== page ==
“Returns and Lessons Learned” wasn't self-flagellation; my objective was to highlight how mistakes planted the seeds for an evolution in my investment philosophy and research process.
Great stuff, thanks Alex. I've been thinking a lot about this recently, especially as I've learned more about someone like David Gardner's approach (in comparison to learning the "Buffett methodology" originally). In the end, I've landed in an extremely similar place to you. Very grateful to have crossed paths! Here's to some big opportunities in the future, as we wait patiently :)
I wonder why you prefer this vs say, 90% passive and 10% the stocks you like? or 50/50? I understand single stocks are fun but do you really need to be 100% in a concentrated portfolio?
Thanks Alex for sharing your investment philosophy !! I have been thinking a lot recently with regards to appropriate philosophy for my own portfolio based on my emotional traits and this post was right on time to help me with that ..
Alex - As usual, wonderful job of expressing your investment philosophy so clearly. You have helped me shape an approach that is truly long-term (so many folks just pay lip service to the concept). I had the daunting task of allocating some of my family's assets into publicly traded securities (we were fortunate to monetize our family business several years ago at a value that few of us could have imagined), and your posts have been a wonderful resource and a "sanity check" on my previous ideas about investing for multi-generational family members.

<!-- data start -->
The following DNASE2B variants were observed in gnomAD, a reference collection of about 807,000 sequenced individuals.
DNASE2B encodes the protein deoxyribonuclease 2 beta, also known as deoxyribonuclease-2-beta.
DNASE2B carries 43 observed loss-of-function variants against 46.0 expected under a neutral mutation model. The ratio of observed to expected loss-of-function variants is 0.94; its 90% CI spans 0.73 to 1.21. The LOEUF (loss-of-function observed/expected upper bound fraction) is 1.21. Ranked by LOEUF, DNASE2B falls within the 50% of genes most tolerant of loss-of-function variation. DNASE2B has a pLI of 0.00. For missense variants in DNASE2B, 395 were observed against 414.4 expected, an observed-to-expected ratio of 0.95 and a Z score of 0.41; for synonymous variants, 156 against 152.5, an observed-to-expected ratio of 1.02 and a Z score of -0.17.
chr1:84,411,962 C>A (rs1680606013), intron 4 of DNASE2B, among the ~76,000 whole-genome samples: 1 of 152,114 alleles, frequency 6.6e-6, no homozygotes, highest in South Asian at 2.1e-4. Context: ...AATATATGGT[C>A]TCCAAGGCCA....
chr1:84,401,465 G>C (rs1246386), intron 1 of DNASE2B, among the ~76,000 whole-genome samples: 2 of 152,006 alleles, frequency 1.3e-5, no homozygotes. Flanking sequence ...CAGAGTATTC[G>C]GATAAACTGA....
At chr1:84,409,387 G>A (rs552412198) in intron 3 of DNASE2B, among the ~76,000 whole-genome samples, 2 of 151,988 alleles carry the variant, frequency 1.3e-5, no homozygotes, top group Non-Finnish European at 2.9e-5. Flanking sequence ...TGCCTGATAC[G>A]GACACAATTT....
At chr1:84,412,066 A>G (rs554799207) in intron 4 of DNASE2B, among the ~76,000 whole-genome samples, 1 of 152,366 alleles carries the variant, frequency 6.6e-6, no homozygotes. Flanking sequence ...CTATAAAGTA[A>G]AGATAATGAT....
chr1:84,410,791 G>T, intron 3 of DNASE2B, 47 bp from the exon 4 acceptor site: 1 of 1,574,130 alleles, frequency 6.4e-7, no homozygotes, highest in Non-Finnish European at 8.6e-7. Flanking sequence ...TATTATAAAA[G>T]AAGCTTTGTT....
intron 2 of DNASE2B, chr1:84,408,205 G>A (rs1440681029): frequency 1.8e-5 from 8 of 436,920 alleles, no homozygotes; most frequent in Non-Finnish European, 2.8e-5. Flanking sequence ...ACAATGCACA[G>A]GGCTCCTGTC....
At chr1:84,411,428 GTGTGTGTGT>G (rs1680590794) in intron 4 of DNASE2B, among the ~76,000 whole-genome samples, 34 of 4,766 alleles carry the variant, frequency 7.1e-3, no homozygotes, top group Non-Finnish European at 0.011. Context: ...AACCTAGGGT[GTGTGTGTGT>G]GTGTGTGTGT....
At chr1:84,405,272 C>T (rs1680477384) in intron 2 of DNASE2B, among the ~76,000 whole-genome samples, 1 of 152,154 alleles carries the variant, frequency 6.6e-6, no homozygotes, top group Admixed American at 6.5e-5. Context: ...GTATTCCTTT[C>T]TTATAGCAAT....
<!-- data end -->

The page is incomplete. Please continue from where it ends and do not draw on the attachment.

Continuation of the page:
That said, I would appreciate your thoughts on two ideas/concepts:
1) I think FCF/Share growth as the best proxy for the intrinsic value growth of a business. If you think about what is included in FCF/Share, it includes so many important value drivers - revenue growth, margins, ROIC, balance sheet management, etc. So if I had to distill my approach down to the most important metric, I look at long-term FCF/Share growth.
2) I tend to reverse-engineer DCFs to back-solve for the required terminal multiple of FCF that I need to earn my cost of capital (I use 10%). So my FCF growth estimates and the 10% discount rates are my inputs, and the terminal multiple is my output. I feel that the actual terminal multiple is unknowable, so I want to make my decision as easy as possible, without any false precision. It is like an over/under. If I think the actual terminal multiple will be greater, then my IRR will be > 10%, and vice versa if I think that actual terminal multiple will be less.
Curious to hear your thoughts.
You are my favorite writer on Substack! Enjoy reading your investment philosophy and research process.